Over 25 people joined a site visit to Groot Zevert Vergisting in Beltrum, the Netherlands on 16 May 2019. The visitors included biogas plant owners, manure processors, stakeholders from the fertiliser industry and academics from Flanders, Belgium, the Netherlands, Germany and further.
The site visit was organised in the framework of two projects: by VCM and Wageningen University & Research, partners in the Horizon 2020 project SYSTEMIC, together with Biogas-E, partner in the IWT/VIS project ‘Transbio’.
The guided tour and information were provided by responsibles from Groot Zevert Vergisting, Wageningen University & Research and Nijhuis Industries.
If you were not able to attend, you can watch the videos below (left: in English, right: in Dutch).
Production of (bio)gas and electricity
Groot Zevert started operating in the 1960s as a transport company, but in the past decennia has grown into to a complete service provider, now also processing manure and producing biogas.
The biogas installation started in 2004 and was modernised in 2016. By 2018, it had processed 135.000 tons of manure (75% of the input) and bio-waste (25% of the input) and thereby produced 10 million m³ biogas, from which 80% is transported to the factory of Friesland Campina by means of a direct, five-kilometre pipeline.
The rest of the biogas is converted into green electricity on site by means of a CHP.
The first Green Mineral Centre
In time, Groot Zevert Vergisting wishes to be the first Green Mineral Centre in the Netherlands by advanced recovery of nutrients, organic matter and water from digestate and the production of tailor-made manure-derived fertiliser products for farmers.
This would also offer a sustainable solution for the manure surplus in the area.
The digestate is first separated by means of a decanter centrifuge in a solid fraction and a liquid fraction. The solid fraction is first sanitised with heat from infrared light.
Nutrient recovery from solid and liquid fractions is achieved through two separate process cascades: the GENIUS system (developed by Nijhuis Industries) and the Re-P-eat system (developed by Wageningen University & Research).
GENIUS: NK concentrates and dischargeable water
Suspended solids are further removed from the the liquid fraction through a Dissolved Air Flotation unit, by adding flocculants and fine air bubbles, catching the solids, grease and oil in a flotating layer of sludge.
In the following steps, the liquid fraction is treated with micro-filtration, a reverse osmosis and ion exchanger.
This renders two end products:
(1) water that complies with strict discharge limits and can therefore be released in the creek nearby;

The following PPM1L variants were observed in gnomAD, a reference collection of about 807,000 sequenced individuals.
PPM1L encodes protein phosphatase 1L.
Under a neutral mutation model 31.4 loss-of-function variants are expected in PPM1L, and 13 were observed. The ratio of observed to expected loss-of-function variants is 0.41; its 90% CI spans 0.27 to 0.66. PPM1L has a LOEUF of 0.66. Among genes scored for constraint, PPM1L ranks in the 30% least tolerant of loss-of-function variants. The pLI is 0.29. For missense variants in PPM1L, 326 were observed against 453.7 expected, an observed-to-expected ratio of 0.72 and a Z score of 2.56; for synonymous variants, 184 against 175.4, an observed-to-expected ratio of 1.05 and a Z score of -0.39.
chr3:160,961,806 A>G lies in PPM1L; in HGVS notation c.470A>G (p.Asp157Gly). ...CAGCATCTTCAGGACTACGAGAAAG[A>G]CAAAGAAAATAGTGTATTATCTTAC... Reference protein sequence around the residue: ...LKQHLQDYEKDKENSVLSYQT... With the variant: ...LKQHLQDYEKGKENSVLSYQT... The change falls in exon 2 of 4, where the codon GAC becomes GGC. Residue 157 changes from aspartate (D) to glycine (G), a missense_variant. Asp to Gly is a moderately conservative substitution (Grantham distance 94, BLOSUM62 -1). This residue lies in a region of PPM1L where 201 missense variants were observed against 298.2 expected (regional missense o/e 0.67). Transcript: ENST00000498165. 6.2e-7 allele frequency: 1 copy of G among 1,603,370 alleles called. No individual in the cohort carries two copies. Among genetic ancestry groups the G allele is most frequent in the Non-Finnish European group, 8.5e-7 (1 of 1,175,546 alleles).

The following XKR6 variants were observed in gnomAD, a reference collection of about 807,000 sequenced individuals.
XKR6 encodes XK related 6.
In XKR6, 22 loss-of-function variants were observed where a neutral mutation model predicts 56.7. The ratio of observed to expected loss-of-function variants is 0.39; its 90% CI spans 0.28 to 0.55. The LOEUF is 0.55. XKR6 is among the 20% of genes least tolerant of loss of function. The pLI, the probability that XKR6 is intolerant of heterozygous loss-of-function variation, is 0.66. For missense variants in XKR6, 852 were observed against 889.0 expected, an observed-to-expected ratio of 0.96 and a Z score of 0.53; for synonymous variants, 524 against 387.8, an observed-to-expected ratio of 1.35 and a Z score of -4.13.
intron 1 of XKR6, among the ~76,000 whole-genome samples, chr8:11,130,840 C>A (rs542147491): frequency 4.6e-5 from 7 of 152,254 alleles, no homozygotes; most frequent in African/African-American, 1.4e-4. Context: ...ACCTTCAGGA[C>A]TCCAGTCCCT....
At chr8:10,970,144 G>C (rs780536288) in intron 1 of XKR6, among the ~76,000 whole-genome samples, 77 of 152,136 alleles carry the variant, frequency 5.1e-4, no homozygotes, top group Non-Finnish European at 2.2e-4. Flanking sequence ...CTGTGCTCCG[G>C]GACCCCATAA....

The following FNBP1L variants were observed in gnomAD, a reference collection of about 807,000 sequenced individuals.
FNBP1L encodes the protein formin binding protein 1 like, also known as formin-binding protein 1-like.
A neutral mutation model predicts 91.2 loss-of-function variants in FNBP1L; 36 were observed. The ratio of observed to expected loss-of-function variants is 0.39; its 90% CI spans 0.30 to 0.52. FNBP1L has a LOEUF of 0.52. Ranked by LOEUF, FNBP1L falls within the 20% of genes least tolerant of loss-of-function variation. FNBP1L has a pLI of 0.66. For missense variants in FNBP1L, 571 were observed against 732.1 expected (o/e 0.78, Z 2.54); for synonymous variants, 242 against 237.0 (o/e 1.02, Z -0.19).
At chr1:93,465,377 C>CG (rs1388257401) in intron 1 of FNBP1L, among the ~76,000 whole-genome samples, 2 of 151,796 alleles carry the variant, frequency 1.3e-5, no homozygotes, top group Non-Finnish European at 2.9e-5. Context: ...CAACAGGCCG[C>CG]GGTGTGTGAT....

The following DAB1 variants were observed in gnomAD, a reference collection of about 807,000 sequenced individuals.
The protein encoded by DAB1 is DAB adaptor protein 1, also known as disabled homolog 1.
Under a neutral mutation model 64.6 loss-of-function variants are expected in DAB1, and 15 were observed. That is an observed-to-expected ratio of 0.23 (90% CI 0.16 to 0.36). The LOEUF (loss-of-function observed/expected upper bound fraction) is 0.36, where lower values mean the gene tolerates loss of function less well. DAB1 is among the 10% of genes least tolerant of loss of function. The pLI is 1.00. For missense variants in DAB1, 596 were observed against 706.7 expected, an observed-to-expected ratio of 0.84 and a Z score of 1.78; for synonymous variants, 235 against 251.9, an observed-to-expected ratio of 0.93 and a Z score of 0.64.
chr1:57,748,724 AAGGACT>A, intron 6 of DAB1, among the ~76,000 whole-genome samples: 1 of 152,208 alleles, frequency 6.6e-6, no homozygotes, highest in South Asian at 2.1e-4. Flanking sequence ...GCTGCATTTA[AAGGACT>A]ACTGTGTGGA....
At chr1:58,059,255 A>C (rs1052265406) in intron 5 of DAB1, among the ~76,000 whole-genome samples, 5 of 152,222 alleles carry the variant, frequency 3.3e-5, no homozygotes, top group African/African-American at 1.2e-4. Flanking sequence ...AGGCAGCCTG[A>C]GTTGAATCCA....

(2) an NK concentrate.
The GENIUS process has been operational at Groot Zevert since March 2019.
In the framework of the pilot project ‘an Achterhoek without artificial fertiliser’ together with ForFarmers, this mineral concentrate is mixed with ammonium sulphate and/or ammonia water, to better comply with the crops’ nutrient demands. In 2018, field trials were done on grass and in 2019, on corn.
Within the 6th Dutch action plan, the pilot project ‘an Achterhoek without artificial fertiliser’ is allowed to use the NK concentrates (“Green Meddows Fertiliser”) on the fields of a limited amount of farmers for two years as ‘mineral fertiliser’, i.e. application of more than 170 kg N/ha.year through precicion injection.
The application and results of the field trials are carefully monitored by Wageningen University & Research. The results of agronomical efficacy, N efficiency and environmental leaching will be very valuable for the SAFEMANURE study. This is a project conducted by the Joint Research Centre, commissioned by the European Commission and will study the criteria required for the safe use of recovered fertilisers from manure.
Re-P-eat: Separation of P and organic matter
For the solid fraction, the idea is to process it to a low P solid fraction and a phosphateconcentrate (struvite).
Currently, a pilot installation of this process is operational at Groot Zevert. Nijhuis Industries will start construction of the full-scale installation shortly, based on the concept of Wageningen University & Research (WUR).
WUR developed the Re-P-eat technology, in which different steps of acidifiction of the the solid fraction lead to a solution that is rich in phosphorus.
Subsequent separation with a screw press and adding lime (magnesiumhydroxide) to the liquid fraction renders struvite crystals. These precipitate and are simply recoverd from the liquid fraction. This could be used for the production of mineral or organic fertilisers.
The solid fraction, poor in P because 90% of the inital P is removed, is very well-perceived in the Netherlands, which has strict phosphorus application limits.